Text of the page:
Exhibition Tour: Beads as Markers of Memory
Wednesday, November 29 | 6:00 – 8:00 pm
Experience Radical Stitch through the eyes of bead artist and researcher Melissa Twance, a place where beadwork is alive with memory and storytelling.
Artist Bio: Melissa Twance is a beadwork artist from Netmizaagamig Nishinaabeg. Her beadwork designs pay homage to Northwestern Ontario and traditional Anishinaabe iconography with infusions of contemporary and pop culture aesthetics. She has exhibited her work in group exhibitions including the Thunder Bay Art Gallery and the Ontario Craft Council Gallery. Melissa is currently completing her PhD in Education. Her dissertation research examines the knowledge embedded in Anishinaabe bead, quill, and hide work, reflecting on the value of learning with and through creative land-based practices. Melissa is also a Lecturer in the Faculty of Education at the University of Winnipeg.
RADICAL STITCH IS ONE OF THE MOST SIGNIFICANT EXHIBITIONS OF CONTEMPORARY INDIGENOUS BEADING ACROSS NORTH AMERICA EVER PRESENTED.
Beading is one of the defining mediums of contemporary Indigenous art on this continent, and this landmark exhibition brings much-needed critical attention to the breadth and impact of this practice.
Radical Stitch looks at the contemporary and transformative context of beading through the aesthetic innovations of artists and the tactile beauty of beads. Beading materials and techniques are rooted in both culturally informed traditions and cultural adaptation, and function as a place of encounter, knowledge transfer, and acts of resistance. Connecting to a tradition of making, exercised over thousands of years, this skill-based practice ties one artist to another, past to present and beyond.
The exhibition includes a range of work from the customary to the contemporary, with a variety of approaches, concepts, and purposes. Gathering together top artists from across North America/Turtle Island, the selected pieces exemplify the current and future directions of some of the most exciting and impressive practices. The works in Radical Stitch invite viewers to immerse themselves in the political, creative, and aesthetic dimensions of beadwork.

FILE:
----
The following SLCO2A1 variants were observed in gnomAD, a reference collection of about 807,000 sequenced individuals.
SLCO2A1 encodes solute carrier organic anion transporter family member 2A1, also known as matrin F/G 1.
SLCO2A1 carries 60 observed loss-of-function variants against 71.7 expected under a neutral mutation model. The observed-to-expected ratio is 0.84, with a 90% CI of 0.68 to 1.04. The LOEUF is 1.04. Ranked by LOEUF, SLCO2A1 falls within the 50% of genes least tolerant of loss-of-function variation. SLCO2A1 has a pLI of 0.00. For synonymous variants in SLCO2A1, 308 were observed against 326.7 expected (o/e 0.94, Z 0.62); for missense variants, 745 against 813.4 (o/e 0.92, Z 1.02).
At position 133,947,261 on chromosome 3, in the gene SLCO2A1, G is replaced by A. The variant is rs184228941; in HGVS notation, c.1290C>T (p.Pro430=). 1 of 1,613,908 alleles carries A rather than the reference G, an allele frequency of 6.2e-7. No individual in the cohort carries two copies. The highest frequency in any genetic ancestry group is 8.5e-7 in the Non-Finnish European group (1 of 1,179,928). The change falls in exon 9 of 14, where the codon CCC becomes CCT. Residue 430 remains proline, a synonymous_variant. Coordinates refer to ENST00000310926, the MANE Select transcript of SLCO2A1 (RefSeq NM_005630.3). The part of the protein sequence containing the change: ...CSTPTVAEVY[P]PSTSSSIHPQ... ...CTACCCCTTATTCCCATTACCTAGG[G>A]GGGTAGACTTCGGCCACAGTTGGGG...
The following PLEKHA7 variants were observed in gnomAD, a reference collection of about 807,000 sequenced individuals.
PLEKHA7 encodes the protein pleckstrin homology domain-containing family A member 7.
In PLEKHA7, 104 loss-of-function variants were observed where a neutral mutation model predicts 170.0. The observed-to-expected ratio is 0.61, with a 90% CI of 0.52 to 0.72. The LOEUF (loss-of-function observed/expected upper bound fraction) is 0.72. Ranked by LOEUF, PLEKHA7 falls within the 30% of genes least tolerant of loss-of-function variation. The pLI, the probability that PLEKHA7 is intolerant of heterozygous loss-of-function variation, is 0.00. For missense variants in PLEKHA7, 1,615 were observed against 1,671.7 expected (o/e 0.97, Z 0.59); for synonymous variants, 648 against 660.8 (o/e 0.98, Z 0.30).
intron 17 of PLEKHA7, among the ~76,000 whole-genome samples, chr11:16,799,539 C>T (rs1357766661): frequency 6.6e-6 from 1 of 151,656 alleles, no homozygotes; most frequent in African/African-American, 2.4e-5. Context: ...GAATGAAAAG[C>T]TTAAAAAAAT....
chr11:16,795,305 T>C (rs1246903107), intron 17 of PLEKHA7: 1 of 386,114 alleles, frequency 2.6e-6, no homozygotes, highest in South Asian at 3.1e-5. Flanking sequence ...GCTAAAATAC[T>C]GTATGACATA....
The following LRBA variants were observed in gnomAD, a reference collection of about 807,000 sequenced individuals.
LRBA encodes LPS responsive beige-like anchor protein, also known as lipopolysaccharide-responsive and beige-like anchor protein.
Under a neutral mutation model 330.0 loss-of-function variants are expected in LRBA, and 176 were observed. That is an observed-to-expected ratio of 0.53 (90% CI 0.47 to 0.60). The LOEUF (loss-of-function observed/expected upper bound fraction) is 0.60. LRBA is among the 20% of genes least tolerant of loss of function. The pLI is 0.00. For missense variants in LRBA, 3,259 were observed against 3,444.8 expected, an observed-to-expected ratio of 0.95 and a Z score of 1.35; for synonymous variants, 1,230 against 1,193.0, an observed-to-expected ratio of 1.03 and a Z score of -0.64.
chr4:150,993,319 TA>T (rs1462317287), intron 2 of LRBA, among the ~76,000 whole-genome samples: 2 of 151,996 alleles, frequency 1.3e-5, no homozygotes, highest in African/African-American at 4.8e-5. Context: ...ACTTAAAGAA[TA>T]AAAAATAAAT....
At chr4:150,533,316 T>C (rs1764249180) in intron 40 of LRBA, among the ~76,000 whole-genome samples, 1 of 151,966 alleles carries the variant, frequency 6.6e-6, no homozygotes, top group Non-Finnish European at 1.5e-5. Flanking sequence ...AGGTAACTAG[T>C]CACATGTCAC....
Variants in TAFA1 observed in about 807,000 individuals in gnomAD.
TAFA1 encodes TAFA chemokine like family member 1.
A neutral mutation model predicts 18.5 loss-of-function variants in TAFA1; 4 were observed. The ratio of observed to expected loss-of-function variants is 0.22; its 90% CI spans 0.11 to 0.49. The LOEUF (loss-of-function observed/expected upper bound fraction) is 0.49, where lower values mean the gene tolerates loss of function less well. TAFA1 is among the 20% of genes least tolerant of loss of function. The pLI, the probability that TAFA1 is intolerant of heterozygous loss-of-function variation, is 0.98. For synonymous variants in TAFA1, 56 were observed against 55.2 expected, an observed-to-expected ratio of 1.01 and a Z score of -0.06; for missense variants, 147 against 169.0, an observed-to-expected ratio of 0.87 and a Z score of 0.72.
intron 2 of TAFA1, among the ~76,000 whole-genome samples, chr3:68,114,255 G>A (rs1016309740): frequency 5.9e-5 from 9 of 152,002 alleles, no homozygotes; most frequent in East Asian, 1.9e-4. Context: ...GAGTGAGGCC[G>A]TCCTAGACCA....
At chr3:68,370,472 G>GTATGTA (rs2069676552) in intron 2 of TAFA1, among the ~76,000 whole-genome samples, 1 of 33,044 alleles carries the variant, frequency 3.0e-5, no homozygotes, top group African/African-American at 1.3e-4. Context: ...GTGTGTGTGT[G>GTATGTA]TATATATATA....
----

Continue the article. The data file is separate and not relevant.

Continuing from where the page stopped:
Hemlock, Babe & Carla Continuing the Legacy, 2015, cradleboard with beaded mossbag. Collection of the artist. Photo by: Don Hall, courtesy of the MacKenzie Art Gallery.
The Thunder Bay Art Gallery is thrilled to bring this large-scale exhibition to our northern city, a regional hub with a thriving community of bead workers. Artists from Thunder Bay and Fort William First Nation are included in an exceptional list of talent.
Ruth Cuthand, Brain Scan Series, glass beads, thread, backing, Mackenzie Art Gallery, 2022. Indigenous Art Collection, Crown-Indigenous Relations and Northern Affairs Canada. Photos by: Don Hall, courtesy of the MacKenzie Art Gallery.
Installation view, Radical Stitch, Mackenzie Art Gallery, 2022. Photos by: Don Hall, courtesy of the MacKenzie Art Gallery.
Teri Greeves, NDN Art, 2008. Size 13 cut beads, glass beads, brain-tanned deer hide, cotton. Courtesy of Ellen and Bill Taubman. Photos by: Don Hall, courtesy of the MacKenzie Art Gallery
Artists included in this exhibition:
Joyce Growing Thunder
Babe & Carla Hemlock
Elias Not Afraid
Alesia & Farlan Quetawki
Dyani White Hawk
Kenneth Williams Jr.
Radical Stitch is organized and circulated by the MacKenzie Art Gallery. Curated by Sherry Farrell Racette, Michelle Lavallee, and Cathy Mattes.
The MacKenzie recieves ongoing support from the South Saskatchewan Community Foundation, Canada Council for the Arts, SaskCulture, City of Regina, and Saskatchewan Arts Board. Tour Supported by Canada Council for the Arts. Funded by the Ontario Arts Council.
“I’m really excited [Radical Stitch] is going to Thunder Bay because I feel it’s such a receptive audience. It’s so right that the exhibition is going there — it’s such a centre for many things. The Thunder Bay Art Gallery has been a leader in promoting and including Indigenous artists, especially artists from the region, for so long. They have such a strong history of that. I’m so excited for what [the art gallery] is going to do with it. […] They’re so tuned in to all the nuances because they work with the community all the time.”
– Sherry Farrell Racette